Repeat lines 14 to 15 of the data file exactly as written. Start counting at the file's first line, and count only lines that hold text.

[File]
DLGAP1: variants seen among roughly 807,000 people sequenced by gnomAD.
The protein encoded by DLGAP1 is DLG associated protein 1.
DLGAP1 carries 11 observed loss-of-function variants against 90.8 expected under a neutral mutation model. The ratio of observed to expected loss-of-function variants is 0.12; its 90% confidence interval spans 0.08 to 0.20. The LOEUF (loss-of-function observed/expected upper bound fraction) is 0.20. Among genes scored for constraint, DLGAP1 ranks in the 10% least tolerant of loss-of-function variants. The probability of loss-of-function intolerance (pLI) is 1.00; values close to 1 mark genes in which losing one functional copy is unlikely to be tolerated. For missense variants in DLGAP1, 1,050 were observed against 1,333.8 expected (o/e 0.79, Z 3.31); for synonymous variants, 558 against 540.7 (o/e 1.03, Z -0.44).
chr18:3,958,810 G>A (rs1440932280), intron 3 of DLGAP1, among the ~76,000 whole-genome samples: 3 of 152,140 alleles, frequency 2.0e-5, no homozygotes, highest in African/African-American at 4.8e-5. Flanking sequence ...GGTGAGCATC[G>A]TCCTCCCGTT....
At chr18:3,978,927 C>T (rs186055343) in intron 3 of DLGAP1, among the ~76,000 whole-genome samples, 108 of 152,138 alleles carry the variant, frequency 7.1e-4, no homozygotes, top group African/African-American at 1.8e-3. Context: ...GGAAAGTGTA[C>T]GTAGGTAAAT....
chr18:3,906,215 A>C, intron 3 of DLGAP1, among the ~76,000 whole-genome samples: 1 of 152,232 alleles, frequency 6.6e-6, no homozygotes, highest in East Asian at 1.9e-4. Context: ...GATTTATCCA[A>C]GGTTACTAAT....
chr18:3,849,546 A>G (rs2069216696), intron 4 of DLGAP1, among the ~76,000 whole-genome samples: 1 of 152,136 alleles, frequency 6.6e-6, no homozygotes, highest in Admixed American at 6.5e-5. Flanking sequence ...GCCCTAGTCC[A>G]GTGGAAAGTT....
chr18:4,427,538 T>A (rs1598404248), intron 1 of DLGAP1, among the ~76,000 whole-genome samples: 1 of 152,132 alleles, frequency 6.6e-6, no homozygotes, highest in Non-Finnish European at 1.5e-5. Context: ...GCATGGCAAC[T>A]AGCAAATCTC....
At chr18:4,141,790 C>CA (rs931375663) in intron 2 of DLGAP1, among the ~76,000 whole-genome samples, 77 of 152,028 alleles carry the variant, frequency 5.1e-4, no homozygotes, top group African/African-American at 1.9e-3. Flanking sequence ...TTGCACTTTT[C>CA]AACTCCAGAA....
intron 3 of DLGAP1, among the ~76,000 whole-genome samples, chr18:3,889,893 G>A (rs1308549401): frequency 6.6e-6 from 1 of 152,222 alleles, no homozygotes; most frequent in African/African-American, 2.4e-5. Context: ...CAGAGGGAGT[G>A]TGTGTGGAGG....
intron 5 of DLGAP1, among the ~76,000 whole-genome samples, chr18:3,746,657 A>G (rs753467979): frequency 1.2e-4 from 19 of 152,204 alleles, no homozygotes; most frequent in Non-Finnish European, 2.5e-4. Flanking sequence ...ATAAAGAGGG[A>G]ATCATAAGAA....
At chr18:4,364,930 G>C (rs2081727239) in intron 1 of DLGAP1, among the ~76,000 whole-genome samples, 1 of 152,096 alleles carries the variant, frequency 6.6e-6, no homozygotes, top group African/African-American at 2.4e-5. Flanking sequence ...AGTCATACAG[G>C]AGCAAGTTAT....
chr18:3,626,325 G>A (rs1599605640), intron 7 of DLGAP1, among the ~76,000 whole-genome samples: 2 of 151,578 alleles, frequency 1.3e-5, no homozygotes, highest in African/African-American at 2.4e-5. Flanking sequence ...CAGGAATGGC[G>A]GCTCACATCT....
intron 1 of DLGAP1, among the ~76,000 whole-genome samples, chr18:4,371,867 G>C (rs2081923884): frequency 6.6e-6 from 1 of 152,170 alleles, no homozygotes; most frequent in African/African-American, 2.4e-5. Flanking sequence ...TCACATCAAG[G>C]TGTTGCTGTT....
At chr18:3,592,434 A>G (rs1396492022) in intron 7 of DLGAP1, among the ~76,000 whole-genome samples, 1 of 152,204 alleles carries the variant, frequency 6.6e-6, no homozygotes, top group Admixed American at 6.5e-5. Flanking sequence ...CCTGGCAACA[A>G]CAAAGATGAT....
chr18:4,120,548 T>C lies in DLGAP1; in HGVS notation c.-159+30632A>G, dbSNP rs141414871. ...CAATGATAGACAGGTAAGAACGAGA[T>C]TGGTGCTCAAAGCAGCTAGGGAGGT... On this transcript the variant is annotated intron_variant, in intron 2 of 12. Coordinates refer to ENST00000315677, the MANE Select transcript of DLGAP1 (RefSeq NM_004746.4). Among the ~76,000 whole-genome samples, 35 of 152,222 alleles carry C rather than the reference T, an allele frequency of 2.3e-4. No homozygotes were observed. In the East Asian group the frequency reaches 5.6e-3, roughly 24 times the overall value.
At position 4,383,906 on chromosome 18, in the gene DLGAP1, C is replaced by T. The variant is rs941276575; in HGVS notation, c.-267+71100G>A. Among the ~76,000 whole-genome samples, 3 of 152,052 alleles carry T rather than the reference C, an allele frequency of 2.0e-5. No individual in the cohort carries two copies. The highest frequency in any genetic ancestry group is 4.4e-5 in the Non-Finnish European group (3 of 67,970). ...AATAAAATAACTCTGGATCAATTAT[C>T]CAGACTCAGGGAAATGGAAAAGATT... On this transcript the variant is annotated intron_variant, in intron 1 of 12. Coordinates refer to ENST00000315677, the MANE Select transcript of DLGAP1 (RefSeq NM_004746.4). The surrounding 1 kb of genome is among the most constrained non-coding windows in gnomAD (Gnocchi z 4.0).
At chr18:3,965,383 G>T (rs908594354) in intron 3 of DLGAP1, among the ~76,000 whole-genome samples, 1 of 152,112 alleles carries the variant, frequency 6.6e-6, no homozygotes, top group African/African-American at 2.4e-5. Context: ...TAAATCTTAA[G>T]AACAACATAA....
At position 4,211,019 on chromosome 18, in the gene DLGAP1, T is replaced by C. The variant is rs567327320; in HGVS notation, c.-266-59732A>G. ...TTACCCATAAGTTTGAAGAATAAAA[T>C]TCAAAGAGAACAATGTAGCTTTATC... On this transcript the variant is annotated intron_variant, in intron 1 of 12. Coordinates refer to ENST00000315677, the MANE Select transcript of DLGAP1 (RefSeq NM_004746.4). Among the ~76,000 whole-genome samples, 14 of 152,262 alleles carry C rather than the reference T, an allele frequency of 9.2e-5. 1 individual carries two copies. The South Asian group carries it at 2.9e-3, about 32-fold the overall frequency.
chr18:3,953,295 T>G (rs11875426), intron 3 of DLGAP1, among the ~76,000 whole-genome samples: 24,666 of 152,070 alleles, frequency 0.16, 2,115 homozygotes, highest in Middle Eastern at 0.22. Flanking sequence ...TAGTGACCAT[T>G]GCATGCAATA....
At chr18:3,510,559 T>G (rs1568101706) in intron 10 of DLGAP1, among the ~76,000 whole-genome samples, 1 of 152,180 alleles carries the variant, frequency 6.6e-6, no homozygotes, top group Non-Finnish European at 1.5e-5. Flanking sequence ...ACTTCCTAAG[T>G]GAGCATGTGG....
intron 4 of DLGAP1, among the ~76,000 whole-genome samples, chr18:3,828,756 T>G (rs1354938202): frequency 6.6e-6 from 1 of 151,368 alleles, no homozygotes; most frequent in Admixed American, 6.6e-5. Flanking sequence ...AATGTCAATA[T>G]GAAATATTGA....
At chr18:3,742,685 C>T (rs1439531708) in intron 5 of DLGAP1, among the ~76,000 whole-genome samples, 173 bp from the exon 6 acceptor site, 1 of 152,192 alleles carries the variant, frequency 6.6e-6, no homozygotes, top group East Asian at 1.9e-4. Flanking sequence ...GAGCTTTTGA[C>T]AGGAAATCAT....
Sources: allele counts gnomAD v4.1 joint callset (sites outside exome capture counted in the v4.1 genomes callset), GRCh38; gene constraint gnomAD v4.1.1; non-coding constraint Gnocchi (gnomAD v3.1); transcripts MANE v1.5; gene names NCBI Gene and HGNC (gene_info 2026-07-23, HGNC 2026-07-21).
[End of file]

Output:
intron 1 of DLGAP1, among the ~76,000 whole-genome samples, chr18:4,371,867 G>C (rs2081923884): frequency 6.6e-6 from 1 of 152,170 alleles, no homozygotes; most frequent in African/African-American, 2.4e-5. Flanking sequence ...TCACATCAAG[G>C]TGTTGCTGTT....
At chr18:3,592,434 A>G (rs1396492022) in intron 7 of DLGAP1, among the ~76,000 whole-genome samples, 1 of 152,204 alleles carries the variant, frequency 6.6e-6, no homozygotes, top group Admixed American at 6.5e-5. Flanking sequence ...CCTGGCAACA[A>G]CAAAGATGAT....